This week, for example, I had a whole list of topics I wanted to address.  I wasn’t really in the mood to write about gay marriage, though that list did include a topic I have long wanted to address — that the best argument for state recognition of same-sex marriage is a socially conservative one.  Indeed, Judge Walker made some arguments along those lines in the early portion of his opinion.

But, I knew Tuesday night, when I read the the court was about to release the opinion that I’d be devoting my day to gay marriage.

A while ago, when just before bed, I learned some information showing Log Cabin doing something I strongly supported, I knew I’d have to stay up a little later to blog on the topic.  We had been critical of the organization and I wanted to given them credit where due.  Staying up late to work on the post, I coined the term, ‘blogligation” to deal with such matters, topics we’re “obliged” to cover based on posts we have penned in the past.

Reader Report from West Hollywood “Decision Day” Rally

Posted by B. Daniel Blatt at 12:09 am - August 5, 2010.
Filed under: Gay Marriage,LA Stories

I had planned to attend the rally Wednesday evening in West Hollywood to celebrate Judge Walker’s decision, but because Pajamas media asked me to write a piece on the ruling (and because work on that piece took longer than anticipated), I chose to stay home and complete it. (Hey, they’re paying me.)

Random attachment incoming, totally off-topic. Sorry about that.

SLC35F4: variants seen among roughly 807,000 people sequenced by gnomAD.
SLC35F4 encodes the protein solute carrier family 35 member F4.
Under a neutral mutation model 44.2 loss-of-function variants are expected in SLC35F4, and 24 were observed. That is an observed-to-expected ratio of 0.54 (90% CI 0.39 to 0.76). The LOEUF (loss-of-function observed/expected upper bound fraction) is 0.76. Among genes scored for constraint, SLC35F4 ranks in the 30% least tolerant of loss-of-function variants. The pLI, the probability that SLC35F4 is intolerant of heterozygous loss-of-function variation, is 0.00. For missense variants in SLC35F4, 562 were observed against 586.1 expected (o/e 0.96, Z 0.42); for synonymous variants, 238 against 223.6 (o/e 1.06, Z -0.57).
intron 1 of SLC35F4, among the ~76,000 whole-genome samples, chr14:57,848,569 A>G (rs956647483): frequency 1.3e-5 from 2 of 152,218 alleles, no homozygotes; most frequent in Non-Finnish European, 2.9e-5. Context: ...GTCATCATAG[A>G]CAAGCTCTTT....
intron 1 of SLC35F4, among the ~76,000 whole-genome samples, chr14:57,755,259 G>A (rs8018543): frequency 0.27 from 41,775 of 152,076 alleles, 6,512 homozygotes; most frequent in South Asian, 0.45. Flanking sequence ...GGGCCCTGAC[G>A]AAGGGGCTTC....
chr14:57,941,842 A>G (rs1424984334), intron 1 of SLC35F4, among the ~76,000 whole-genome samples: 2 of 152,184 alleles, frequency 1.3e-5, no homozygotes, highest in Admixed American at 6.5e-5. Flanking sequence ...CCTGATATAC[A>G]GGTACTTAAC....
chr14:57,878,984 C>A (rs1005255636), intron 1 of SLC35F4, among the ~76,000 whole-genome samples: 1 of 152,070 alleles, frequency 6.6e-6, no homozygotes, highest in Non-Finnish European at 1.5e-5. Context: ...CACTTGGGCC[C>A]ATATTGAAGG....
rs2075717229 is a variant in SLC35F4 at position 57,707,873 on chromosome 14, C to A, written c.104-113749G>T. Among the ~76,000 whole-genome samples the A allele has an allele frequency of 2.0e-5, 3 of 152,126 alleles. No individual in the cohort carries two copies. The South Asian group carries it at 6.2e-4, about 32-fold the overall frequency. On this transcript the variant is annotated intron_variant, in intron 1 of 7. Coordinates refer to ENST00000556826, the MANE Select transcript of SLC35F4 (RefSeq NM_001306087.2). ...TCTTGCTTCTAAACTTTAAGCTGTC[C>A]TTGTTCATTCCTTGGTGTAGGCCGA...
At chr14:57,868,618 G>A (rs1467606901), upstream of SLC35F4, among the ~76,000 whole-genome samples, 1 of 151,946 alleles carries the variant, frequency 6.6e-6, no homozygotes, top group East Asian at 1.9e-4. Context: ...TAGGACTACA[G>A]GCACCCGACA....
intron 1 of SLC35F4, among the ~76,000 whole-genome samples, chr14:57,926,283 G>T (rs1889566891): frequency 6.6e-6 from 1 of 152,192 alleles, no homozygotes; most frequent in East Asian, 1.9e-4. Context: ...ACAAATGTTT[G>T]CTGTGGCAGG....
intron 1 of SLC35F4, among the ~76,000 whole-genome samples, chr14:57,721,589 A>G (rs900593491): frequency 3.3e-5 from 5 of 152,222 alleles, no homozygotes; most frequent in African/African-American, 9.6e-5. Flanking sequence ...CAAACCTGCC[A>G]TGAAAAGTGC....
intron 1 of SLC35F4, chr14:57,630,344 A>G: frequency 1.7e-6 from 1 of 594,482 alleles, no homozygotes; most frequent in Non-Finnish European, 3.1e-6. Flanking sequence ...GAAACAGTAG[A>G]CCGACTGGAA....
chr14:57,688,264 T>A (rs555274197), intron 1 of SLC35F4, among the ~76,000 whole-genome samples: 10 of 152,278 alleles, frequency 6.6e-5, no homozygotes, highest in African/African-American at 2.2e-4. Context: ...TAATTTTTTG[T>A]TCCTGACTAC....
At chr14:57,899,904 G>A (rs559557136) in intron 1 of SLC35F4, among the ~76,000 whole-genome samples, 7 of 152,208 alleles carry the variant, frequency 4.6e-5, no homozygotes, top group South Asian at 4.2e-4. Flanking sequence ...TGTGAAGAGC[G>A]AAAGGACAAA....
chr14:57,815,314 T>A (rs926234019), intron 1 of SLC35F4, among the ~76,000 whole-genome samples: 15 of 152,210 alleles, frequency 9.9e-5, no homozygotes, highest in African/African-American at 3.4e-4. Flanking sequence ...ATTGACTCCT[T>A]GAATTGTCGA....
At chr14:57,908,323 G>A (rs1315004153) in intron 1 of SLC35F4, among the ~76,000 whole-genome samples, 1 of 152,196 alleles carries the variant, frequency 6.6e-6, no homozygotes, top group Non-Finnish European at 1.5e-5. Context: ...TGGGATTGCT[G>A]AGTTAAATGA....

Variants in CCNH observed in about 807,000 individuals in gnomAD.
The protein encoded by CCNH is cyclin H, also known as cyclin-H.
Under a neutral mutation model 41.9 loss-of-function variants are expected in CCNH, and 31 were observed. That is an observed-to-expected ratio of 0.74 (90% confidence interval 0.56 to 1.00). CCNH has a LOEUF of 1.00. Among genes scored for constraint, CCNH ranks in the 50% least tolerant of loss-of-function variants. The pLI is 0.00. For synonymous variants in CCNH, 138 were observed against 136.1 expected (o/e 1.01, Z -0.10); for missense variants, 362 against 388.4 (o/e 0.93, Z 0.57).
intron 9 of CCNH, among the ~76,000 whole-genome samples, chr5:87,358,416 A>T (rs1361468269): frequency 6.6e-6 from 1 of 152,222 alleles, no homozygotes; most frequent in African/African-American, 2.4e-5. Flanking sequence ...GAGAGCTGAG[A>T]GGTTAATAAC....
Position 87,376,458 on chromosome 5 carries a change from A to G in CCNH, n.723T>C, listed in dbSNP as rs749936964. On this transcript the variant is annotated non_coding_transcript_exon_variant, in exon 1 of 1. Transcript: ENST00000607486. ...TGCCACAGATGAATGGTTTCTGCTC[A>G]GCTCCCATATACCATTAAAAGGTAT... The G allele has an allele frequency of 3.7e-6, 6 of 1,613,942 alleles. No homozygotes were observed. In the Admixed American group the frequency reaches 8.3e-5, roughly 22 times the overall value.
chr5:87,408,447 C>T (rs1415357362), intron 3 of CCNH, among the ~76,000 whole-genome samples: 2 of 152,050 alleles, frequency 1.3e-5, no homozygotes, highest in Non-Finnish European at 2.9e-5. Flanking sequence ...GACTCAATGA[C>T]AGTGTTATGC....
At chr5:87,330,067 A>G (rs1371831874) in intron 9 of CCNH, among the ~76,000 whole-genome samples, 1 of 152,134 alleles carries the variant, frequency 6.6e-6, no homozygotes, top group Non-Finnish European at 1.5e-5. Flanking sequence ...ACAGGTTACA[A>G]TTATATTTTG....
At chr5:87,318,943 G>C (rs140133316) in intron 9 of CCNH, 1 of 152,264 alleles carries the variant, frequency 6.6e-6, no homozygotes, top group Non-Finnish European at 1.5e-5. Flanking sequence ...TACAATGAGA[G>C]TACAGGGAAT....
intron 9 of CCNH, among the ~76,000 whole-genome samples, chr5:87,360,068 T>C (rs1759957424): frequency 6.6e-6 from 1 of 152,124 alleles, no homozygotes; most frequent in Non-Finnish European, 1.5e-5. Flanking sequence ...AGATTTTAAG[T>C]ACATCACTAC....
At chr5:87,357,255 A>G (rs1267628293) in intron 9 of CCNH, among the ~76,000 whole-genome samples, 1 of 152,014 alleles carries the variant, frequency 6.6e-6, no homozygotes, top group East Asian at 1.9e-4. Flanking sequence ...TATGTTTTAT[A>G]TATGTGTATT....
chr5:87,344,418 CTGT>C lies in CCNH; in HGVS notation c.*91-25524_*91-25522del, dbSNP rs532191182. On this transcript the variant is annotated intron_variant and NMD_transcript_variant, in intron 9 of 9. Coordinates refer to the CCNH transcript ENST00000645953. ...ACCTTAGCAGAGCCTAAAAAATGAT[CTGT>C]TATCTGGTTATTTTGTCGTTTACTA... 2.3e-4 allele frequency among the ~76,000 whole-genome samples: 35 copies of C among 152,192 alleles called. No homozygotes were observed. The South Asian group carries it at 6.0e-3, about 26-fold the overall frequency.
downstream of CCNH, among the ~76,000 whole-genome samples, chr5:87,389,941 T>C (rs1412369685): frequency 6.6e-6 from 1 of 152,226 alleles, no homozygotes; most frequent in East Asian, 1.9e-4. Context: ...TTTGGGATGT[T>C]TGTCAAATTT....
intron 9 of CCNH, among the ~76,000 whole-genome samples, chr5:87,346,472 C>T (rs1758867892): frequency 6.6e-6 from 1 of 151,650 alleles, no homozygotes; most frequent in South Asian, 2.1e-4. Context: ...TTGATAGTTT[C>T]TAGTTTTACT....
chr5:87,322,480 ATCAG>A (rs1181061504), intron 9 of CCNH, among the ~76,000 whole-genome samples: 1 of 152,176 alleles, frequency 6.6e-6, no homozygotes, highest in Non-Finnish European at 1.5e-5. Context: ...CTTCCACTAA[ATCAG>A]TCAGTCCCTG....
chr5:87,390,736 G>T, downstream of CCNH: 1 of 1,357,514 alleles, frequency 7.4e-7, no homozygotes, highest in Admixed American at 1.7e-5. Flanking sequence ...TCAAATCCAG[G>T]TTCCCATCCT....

Fortunately, while writing the piece, I was corresponding with reader Chris H who attended the rally. His report:

I got to rally about 630 just as Villaraigosa was starting the Spanish version of his speech. Chad Griffin gave pretty much the same speech he did on TV this afternoon. They also trotted out some of the lawyers. The speeches were the usual rehash and thank yous to everyone. The most interesting was Ted Olson who talked about how foolish the defense was during the trial and lightly touched on the constutional issues. Rally wrapped up at quarter to seven with them blaring Born in the USA. Crowd wasn’t too big…stretched from the stage at Robertson back to the swings at the play area. I think maybe 600 or so on a rough count but I’m not an expert at crowd estimation.

Based on what I read about the trial, I pretty much agree with Olson.  I have heard many sound arguments in favor of retaining the traditional understanding of marriage, few were considered at the trial.

I do believe that the strongest argument against state recognition of same-sex marriage is that the institution is rooted in sex difference.  In dismissing that difference, Walker was at his weakest, relying on 1960s mumbo-jumbo rather than actual scientific research.

I was struck by how small the crowd was (particularly compared to last May’s rally against the state Supreme Court decision upholding Prop 8).  Here’s one of Chris’ pictures:

(more…)